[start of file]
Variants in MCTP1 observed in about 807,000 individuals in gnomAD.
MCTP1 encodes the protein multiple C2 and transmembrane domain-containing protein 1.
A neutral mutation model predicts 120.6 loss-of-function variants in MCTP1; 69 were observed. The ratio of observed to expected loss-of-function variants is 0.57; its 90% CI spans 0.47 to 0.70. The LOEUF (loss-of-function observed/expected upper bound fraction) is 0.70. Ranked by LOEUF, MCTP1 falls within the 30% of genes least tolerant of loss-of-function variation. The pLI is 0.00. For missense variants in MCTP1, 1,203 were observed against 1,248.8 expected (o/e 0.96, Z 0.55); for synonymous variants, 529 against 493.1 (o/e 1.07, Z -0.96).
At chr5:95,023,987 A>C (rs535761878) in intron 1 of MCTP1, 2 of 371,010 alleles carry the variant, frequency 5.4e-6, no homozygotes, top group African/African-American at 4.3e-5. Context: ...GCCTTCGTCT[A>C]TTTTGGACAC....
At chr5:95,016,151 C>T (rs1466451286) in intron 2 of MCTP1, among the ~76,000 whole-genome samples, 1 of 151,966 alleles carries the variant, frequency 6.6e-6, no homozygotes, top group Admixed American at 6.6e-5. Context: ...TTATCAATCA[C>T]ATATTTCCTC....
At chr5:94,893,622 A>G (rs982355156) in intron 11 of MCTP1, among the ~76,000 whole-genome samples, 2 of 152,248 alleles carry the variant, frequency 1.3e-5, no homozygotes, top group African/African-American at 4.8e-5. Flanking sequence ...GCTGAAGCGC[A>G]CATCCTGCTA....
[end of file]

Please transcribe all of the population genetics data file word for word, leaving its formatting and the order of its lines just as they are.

Variants in MCTP1 observed in about 807,000 individuals in gnomAD.
MCTP1 encodes the protein multiple C2 and transmembrane domain-containing protein 1.
A neutral mutation model predicts 120.6 loss-of-function variants in MCTP1; 69 were observed. The ratio of observed to expected loss-of-function variants is 0.57; its 90% CI spans 0.47 to 0.70. The LOEUF (loss-of-function observed/expected upper bound fraction) is 0.70. Ranked by LOEUF, MCTP1 falls within the 30% of genes least tolerant of loss-of-function variation. The pLI is 0.00. For missense variants in MCTP1, 1,203 were observed against 1,248.8 expected (o/e 0.96, Z 0.55); for synonymous variants, 529 against 493.1 (o/e 1.07, Z -0.96).
At chr5:95,023,987 A>C (rs535761878) in intron 1 of MCTP1, 2 of 371,010 alleles carry the variant, frequency 5.4e-6, no homozygotes, top group African/African-American at 4.3e-5. Context: ...GCCTTCGTCT[A>C]TTTTGGACAC....
At chr5:95,016,151 C>T (rs1466451286) in intron 2 of MCTP1, among the ~76,000 whole-genome samples, 1 of 151,966 alleles carries the variant, frequency 6.6e-6, no homozygotes, top group Admixed American at 6.6e-5. Context: ...TTATCAATCA[C>T]ATATTTCCTC....
At chr5:94,893,622 A>G (rs982355156) in intron 11 of MCTP1, among the ~76,000 whole-genome samples, 2 of 152,248 alleles carry the variant, frequency 1.3e-5, no homozygotes, top group African/African-American at 4.8e-5. Flanking sequence ...GCTGAAGCGC[A>G]CATCCTGCTA....